General Rives has engaged in numerous other acts of retaliation against me in order to distance himself from me for political purposes. He held a conference of senior judge advocates in February or March 2005, designed to smear my name by conducting an extensive review of the IG report. The CSAF, General Jumper, addressed the group to additionally smear my name. Further, all members of the JAG Corps were encouraged to submit comments about my case via email to Rives. Given the hideously distorted picture painted by the ROI, it is little wonder that those emailed comments convey a sense of revulsion about me. An interesting form of retaliation has been Gen Rives effort to obliterate the fact that I ever actually served as TJAG for over two and a half years. For example, he has determined that my picture should not hang in the AF JAG School with those of the other former TJAGs.
8. Publication of the IG Report on the Internet. The intentionally destructive publication of the IG Report of Investigation on the internet has inflicted permanent, irreparable damage to my personal and professional reputation, harmed my family and friends and has rendered me unemployable. Before my case, no IG ROI involving personal conduct had ever been published on the internet. The harm caused to me and my family continues unabated to this very day, since the ROI remains available on the AF official website. At the same time, my official biography has been removed from that website.
9. Improper denial and delay by AF/JA and AF/GC of legitimate FOIA and Privacy Act Requests. AF JA and AF GC had denied and delayed responding to several FOIA and Privacy Act requests for documents and data that would have supported my defense to the above actions and have aided in the compilation of this complaint. The denial and delay in handling my FOIA and Privacy Act requests are instructive as to the degree of bias, hostility, and lack of objectivity that has been created around my case and the lengths to which the AF and DOD retaliating officials will go to thwart my efforts to demonstrate that the above actions were retaliatory in nature. By way of example, a recent FOIA “release” of some 67 pages of email among and between Mary Walker, SECAF Roche and MGen Rives discussing my case prior to and after completion of the IG investigation, had over 95% blacked out. However, even with only 5% visible, it is clear that Mary Walker attempted at every turn to drive the investigation and the actions taken in response to it. The nearly worthless release was calculated to cover and perpetuate the retaliation against me.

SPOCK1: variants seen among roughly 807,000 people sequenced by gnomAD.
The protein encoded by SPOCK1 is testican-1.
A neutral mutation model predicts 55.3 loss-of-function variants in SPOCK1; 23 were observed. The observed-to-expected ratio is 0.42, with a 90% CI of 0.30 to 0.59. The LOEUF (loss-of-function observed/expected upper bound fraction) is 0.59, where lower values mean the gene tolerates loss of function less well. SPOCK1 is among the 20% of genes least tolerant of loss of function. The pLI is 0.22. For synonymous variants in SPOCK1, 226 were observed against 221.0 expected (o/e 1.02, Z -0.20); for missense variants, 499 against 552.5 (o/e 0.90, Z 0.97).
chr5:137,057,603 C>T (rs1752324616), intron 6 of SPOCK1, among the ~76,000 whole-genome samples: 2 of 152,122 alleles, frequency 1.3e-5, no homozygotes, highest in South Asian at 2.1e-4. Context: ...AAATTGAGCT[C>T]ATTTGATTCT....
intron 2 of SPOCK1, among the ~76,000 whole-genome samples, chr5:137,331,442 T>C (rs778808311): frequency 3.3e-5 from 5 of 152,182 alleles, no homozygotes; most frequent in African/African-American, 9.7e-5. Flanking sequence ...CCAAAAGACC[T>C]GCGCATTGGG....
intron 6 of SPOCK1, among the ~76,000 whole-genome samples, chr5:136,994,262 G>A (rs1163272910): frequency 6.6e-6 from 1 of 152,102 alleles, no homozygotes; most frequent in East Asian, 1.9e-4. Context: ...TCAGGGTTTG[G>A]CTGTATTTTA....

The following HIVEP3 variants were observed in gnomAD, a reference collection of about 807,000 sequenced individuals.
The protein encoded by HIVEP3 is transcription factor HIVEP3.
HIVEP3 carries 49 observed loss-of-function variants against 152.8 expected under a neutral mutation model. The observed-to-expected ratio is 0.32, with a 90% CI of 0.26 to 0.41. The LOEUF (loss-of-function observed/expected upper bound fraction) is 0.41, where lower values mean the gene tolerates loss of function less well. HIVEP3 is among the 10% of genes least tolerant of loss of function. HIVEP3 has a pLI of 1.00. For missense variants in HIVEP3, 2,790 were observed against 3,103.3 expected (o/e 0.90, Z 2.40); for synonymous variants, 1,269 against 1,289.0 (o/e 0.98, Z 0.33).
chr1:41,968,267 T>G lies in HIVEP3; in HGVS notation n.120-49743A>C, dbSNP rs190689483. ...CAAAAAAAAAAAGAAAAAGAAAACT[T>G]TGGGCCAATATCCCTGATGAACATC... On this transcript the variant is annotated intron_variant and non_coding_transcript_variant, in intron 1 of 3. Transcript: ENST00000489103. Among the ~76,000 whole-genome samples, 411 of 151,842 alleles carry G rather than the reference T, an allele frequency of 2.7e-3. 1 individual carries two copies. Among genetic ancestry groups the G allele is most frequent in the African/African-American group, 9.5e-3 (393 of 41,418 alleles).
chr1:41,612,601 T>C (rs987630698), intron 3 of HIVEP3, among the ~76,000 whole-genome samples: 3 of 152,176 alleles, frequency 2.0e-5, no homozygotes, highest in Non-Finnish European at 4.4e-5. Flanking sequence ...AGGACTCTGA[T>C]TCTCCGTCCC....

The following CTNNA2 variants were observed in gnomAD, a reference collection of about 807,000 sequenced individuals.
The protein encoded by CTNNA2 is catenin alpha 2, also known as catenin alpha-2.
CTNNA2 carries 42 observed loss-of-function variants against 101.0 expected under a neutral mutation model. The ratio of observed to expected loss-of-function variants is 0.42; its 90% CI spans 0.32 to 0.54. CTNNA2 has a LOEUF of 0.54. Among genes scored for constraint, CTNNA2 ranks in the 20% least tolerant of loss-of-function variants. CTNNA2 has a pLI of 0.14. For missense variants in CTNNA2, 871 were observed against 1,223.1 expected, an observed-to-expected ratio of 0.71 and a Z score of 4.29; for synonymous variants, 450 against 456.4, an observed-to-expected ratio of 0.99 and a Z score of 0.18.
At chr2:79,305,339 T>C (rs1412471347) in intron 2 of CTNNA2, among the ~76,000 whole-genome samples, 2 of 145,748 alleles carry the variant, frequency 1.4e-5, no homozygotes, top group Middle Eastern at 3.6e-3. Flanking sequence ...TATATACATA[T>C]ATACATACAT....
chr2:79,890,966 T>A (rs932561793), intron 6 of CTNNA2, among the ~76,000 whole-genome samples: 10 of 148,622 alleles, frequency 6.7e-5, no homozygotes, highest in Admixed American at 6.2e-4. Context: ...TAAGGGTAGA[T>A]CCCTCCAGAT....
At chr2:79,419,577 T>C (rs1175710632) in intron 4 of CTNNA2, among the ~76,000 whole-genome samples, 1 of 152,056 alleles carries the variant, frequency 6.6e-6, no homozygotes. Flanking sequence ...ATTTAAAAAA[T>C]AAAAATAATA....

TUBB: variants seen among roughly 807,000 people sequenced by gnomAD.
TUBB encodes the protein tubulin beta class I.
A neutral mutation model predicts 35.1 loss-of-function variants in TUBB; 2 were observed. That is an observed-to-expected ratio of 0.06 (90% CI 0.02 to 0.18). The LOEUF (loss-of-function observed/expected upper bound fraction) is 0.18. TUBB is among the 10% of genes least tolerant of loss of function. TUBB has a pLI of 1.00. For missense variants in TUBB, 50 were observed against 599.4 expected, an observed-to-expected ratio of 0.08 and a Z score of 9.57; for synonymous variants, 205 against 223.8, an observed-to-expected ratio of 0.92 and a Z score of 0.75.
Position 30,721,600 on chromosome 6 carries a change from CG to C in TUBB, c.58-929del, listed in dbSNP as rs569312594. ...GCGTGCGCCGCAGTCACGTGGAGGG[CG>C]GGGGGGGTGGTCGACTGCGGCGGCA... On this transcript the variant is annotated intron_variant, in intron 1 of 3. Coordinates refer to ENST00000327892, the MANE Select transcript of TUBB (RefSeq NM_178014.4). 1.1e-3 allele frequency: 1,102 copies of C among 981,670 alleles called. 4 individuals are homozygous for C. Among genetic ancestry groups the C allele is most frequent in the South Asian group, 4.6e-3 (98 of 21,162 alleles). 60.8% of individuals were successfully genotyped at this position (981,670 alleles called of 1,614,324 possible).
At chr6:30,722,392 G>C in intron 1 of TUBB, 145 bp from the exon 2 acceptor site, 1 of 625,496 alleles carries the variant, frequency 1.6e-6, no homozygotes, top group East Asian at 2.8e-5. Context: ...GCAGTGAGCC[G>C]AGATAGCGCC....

a. Withdrawal and invalidation of AF IG Investigation Report #S6576P and removal of it from any official publication, statement or website, including any embedded hyperlinks to it such as exist in the official biography of General Donald Cook.
b. Correction of my military record to remove evidence of punishment imposed under Article 15, UCMJ, and in lieu thereof, substitution of a Letter of Admonition for an unprofessional relationship with a female military officer.
c. Correction of my military record to reflect continued service as AF Judge Advocate General through and including the date of my retirement, 1 Feb 2005.
d. Correction of my military record to reflect retirement in the grade of Major General, effective 1 Feb 2005.
e. Restoration of any rights, privileges and property to which I am entitled by virtue of the above corrections.
f. Removal of any adverse notations contained in any file or document bearing on my eligibility for a security clearance and restoration of my security clearance.
g. Withdrawal of the adverse AF Professional Responsibility determination by Major General Jack Rives, dated 1 Mar 2005, and voidance of the Report of Inquiry compiled by Rear Admiral Bruce MacDonald, which forms its basis.
h. Restoration of my official biography on the AF website and official indication of the invalidation of the AF IG report S6567P.
i. Appropriate disciplinary and administrative action against those found to have violated my rights and/or to have otherwise acted inappropriately/illegally in my case.
I am prepared to assist the DOD IG or other agency appointed to investigate this complaint. Thank you for your consideration of this matter.